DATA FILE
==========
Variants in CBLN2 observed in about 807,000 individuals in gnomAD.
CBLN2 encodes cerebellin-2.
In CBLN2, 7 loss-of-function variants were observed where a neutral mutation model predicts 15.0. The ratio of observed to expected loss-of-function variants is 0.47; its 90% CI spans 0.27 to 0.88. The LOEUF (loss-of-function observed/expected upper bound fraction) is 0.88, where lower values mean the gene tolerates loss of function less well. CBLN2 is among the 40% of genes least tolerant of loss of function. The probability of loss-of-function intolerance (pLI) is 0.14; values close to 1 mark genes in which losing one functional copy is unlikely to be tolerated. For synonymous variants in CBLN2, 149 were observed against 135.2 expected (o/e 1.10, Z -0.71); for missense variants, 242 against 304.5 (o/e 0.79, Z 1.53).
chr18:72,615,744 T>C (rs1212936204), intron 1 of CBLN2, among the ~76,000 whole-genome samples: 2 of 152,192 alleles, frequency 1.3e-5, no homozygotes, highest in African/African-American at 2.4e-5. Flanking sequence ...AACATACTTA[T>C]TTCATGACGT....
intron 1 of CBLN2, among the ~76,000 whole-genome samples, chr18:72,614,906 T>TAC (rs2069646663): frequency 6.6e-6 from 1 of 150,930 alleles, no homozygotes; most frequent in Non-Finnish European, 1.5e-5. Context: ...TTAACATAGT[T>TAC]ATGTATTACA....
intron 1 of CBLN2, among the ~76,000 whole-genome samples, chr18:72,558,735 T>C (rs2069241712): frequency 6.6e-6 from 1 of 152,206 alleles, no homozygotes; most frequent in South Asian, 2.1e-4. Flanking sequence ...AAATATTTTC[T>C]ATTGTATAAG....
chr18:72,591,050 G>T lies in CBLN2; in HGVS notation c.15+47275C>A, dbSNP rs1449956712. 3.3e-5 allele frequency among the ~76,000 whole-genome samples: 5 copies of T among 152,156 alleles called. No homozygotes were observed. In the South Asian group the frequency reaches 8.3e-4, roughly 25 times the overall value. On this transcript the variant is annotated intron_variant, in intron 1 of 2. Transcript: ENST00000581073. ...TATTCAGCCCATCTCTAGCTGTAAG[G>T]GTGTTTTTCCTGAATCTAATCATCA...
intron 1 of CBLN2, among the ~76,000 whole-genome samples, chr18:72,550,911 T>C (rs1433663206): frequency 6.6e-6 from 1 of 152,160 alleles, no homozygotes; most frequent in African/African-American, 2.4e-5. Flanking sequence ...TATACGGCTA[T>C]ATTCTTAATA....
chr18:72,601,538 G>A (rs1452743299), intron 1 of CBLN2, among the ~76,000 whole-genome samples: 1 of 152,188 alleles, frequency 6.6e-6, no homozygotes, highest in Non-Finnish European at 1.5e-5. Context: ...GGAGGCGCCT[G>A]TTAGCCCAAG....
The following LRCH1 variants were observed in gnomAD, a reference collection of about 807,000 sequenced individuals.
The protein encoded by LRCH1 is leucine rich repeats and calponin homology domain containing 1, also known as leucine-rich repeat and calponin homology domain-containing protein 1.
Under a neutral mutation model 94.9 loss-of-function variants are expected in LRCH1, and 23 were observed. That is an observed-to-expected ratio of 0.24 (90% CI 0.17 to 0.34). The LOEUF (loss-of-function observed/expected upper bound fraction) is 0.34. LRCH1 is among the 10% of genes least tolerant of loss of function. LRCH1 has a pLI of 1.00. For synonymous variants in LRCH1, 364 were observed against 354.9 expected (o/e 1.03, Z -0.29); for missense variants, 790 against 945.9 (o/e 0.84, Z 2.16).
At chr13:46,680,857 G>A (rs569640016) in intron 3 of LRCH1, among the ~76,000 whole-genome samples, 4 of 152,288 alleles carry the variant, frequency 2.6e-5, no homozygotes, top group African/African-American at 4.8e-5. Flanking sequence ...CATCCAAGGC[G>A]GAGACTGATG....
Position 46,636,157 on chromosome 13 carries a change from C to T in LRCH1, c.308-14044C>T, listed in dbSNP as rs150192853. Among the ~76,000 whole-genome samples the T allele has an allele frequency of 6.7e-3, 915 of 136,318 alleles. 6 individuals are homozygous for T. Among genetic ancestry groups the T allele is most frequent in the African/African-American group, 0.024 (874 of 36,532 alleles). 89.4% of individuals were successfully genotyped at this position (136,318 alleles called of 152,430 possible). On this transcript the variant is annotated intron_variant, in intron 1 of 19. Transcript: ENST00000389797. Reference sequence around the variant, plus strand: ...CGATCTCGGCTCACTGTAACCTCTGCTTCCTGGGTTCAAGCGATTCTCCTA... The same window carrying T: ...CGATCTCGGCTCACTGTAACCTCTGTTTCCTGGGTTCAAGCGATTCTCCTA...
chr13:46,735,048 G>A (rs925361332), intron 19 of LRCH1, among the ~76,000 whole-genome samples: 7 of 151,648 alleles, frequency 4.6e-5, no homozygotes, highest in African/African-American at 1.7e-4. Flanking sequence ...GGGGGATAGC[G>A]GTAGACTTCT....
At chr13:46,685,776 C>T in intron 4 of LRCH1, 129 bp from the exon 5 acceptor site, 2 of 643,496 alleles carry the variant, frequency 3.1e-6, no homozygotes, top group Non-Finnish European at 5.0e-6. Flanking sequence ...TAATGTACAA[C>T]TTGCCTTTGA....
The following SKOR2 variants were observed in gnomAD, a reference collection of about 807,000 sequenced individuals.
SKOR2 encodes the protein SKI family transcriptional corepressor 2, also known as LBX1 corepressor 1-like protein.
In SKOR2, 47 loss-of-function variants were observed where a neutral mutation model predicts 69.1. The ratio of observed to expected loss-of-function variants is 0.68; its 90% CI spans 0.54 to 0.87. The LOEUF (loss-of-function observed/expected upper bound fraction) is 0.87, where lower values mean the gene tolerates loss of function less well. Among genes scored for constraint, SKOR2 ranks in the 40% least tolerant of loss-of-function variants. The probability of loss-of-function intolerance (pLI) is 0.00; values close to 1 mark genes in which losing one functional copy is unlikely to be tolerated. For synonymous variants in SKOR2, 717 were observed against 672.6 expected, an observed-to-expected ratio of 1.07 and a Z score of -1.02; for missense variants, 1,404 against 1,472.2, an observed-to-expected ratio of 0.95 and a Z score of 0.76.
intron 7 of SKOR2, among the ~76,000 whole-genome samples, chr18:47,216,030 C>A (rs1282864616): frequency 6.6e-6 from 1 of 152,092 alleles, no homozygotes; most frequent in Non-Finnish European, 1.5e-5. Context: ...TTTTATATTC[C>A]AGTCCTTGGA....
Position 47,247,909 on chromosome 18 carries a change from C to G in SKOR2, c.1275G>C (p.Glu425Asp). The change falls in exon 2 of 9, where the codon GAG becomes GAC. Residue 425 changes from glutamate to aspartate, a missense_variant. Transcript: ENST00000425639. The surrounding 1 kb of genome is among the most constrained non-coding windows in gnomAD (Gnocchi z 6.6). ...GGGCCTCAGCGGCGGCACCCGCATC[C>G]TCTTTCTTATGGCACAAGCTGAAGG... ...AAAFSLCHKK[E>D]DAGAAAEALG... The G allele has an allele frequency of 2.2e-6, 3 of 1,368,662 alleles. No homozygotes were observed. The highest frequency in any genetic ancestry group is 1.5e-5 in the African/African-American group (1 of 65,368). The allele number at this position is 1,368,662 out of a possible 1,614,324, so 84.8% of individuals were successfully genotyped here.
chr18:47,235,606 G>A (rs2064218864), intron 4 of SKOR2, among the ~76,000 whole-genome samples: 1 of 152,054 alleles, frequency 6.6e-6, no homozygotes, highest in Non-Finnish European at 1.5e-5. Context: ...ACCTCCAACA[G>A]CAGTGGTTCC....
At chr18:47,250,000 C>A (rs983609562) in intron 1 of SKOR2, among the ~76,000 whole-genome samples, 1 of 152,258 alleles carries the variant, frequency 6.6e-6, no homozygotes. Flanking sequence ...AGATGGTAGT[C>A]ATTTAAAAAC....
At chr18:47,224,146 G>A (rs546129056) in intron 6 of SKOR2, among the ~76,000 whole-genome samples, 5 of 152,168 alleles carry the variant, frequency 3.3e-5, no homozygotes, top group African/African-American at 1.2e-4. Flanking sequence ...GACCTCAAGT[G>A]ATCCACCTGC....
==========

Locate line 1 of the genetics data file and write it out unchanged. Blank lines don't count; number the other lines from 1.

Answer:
Variants in CBLN2 observed in about 807,000 individuals in gnomAD.